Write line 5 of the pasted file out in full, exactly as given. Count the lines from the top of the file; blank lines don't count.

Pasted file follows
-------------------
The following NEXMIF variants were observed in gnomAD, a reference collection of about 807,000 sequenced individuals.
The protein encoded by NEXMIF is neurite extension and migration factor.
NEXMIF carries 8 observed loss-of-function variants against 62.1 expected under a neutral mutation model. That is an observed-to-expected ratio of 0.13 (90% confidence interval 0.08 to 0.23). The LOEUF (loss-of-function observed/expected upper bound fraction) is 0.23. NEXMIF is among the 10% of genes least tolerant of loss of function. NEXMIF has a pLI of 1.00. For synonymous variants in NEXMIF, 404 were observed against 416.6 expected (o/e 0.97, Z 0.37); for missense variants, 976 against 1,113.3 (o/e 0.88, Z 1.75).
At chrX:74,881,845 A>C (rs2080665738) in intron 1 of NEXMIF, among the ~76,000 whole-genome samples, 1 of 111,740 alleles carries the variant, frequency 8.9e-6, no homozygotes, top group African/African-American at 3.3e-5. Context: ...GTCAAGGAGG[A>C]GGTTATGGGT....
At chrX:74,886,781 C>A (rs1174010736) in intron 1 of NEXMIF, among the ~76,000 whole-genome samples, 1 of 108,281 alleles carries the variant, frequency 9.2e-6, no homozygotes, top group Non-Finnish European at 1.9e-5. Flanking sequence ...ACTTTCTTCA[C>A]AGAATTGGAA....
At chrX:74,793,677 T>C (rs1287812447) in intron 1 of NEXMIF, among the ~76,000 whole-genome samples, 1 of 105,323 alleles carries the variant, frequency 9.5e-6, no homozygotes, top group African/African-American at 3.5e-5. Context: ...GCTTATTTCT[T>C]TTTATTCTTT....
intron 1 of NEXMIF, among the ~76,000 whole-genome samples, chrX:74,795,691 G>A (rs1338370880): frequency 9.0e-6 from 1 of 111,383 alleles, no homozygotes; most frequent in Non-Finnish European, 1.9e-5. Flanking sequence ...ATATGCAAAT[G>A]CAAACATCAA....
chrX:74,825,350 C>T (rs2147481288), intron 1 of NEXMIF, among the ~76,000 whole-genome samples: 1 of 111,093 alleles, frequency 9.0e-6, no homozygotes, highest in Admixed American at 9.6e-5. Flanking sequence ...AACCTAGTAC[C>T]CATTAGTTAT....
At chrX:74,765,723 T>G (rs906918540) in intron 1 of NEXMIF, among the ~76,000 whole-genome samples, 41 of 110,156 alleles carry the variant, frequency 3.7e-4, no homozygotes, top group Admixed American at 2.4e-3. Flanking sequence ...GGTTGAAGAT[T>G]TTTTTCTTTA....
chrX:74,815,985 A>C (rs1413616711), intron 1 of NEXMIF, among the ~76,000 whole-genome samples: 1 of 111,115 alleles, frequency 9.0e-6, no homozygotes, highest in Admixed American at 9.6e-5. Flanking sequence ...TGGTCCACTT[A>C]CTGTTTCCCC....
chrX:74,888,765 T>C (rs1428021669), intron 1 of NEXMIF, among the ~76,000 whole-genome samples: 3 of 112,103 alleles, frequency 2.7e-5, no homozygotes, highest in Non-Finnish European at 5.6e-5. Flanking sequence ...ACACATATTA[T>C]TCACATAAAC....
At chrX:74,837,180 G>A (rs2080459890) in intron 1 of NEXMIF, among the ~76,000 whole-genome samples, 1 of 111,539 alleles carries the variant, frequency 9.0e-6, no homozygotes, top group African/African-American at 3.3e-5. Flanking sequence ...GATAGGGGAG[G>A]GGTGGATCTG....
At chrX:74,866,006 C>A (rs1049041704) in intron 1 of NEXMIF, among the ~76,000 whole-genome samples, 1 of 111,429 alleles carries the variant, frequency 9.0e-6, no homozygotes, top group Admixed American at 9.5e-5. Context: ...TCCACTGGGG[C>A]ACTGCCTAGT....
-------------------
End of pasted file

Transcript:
At chrX:74,886,781 C>A (rs1174010736) in intron 1 of NEXMIF, among the ~76,000 whole-genome samples, 1 of 108,281 alleles carries the variant, frequency 9.2e-6, no homozygotes, top group Non-Finnish European at 1.9e-5. Flanking sequence ...ACTTTCTTCA[C>A]AGAATTGGAA....